Melbourne’s Chapel Street leads suburban shopping strip revival
This revival, which has come at the expense of Melbourne’s CBD, where the vacancy rate reached 12.8% in July, has been the growth of food and drink rentals, which now account for a third of all Melbourne’s commercial strip stores, on the rise. 29% before COVID-19.
“Melbourne’s local high streets have well and truly recovered from the biggest crisis the city has faced in decades,” said Fitzroys division manager James Lockwood.
Mr Lockwood said the closures and flexible working arrangements had strengthened the position of local retail villages “as the heartbeat of their local communities”.
“Our malls provide an environment where people want to shop and find community,” he said.
On Chapel Street, fashion boutiques are back alongside the opening of new restaurants, bars and cafes.
New entrants to the Strip include a boutique for local designer Casa Amuk (in a deal brokered by Fitzroys agent Lewis Waddell) and new outlets for Saba, Gorman and menswear store Caliber (which opened two stores on Chapel Street)
Joining them is Melbourne portraitist Lionia, who is moving her gallery to Black Rock, by the bay, to a boutique at 538 Chapel Street.
Leonia said The Australian Financial Review she had chosen Chapel Street because it was a more central location, well served by trains and trams and more suited to a “luxury product”.
“The rent was surprisingly comparable to other less central neighborhoods, although it is still very high,” she said.
Chrissie Maus, general manager of the Chapel Street Precinct, said its resurgence was due to its transformation into a lifestyle neighborhood used by the local community.
“Not only do we have fabulous retail and restaurant experiences, but we have so many new gyms, health centers, beauticians, hairdressers and other important services that people need,” she said.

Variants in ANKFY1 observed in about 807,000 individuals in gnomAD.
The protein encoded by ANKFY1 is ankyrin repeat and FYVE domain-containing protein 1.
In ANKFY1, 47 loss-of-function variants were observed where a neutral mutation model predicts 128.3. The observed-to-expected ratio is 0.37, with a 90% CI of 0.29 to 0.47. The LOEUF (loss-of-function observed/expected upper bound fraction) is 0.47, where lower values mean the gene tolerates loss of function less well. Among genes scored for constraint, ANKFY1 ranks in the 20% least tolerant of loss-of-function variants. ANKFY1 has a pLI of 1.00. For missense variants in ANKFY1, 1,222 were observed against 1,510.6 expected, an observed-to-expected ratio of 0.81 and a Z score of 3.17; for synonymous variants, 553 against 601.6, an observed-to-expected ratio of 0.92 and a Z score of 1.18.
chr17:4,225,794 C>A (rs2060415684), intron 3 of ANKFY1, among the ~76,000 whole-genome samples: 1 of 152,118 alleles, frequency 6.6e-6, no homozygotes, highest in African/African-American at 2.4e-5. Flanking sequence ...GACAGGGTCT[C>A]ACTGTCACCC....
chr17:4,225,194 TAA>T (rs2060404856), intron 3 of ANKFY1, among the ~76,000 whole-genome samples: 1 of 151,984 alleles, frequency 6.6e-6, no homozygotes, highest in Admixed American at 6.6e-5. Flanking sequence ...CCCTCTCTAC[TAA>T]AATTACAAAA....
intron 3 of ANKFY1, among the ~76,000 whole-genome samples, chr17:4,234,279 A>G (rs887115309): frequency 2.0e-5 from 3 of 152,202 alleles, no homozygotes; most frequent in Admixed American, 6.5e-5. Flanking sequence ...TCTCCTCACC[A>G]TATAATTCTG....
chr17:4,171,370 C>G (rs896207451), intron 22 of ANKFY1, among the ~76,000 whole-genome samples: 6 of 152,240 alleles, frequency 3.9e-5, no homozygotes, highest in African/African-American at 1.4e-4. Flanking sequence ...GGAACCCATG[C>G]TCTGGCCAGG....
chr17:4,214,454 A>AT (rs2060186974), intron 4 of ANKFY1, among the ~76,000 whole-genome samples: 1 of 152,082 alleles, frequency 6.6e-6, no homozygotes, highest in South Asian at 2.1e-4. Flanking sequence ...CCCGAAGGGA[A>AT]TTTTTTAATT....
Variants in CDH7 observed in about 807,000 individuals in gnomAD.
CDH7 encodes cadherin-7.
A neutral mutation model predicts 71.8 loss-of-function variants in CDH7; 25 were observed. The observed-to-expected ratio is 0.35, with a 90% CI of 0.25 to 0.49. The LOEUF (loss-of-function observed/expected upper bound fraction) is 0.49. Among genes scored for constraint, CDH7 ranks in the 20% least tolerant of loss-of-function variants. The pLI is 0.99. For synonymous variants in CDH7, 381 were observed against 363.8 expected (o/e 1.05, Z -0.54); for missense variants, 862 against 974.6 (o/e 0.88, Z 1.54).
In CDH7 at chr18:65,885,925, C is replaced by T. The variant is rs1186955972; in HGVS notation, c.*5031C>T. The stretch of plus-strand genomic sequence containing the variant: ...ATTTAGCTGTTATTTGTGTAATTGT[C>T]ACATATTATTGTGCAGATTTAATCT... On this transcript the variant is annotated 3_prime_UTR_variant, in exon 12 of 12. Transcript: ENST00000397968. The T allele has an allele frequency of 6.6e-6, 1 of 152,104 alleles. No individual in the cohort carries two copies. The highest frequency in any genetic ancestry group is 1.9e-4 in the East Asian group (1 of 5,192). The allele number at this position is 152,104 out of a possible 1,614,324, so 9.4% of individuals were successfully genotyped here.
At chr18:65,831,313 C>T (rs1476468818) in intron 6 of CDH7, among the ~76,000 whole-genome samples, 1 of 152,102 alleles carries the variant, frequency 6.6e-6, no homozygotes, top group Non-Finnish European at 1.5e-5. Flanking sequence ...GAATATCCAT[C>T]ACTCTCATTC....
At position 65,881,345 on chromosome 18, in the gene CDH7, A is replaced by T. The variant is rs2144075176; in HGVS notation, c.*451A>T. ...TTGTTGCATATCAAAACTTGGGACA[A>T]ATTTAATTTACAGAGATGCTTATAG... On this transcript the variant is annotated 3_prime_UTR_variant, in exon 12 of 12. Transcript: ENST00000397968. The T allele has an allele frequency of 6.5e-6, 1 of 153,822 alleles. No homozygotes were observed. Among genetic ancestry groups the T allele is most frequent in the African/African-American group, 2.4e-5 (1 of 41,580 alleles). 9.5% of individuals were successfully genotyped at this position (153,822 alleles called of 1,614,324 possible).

New developments like 627 Chapel Street, a 24-storey office tower completed earlier this year by developer Goldfields, have also encouraged new players to head to Chapel Street, including Sydney restaurateur Cam Northway which is opening a new rooftop restaurant and bar.
On the ground floor, New Zealand-based Good Group will open a new Southeast Asian restaurant called Wong Baby in November alongside The Bagel Shop, a café run by Bruno Ceraso of Kaleida Hospitality Group.
“We are seeing the revitalization of the South Yarra end of Chapel Street with a number of new buildings including Goldfields House,” said Good Group CEO Russell Gray.
On trendy Lygon Street in Carlton, on the outskirts of the CBD, vacancies have nearly halved – from 20% to 11.5% – in just a year, as a slew of new restaurants, including the Mexican La Cabra, Indian restaurant Kahaan and dessert bar Sticksies opened their doors.
Also revived are the perennial underperformers, Bridge Road in Richmond and Acland (12.7%) and Fitzroy Streets in St Kilda (7.6%).
However, vacancy rates rose on downtrodden Balaclava Street in Carlisle (11.6%) and Smith Street in Collingwood (8.4%), despite it being named ‘the coolest street of the world” by Timeout last year.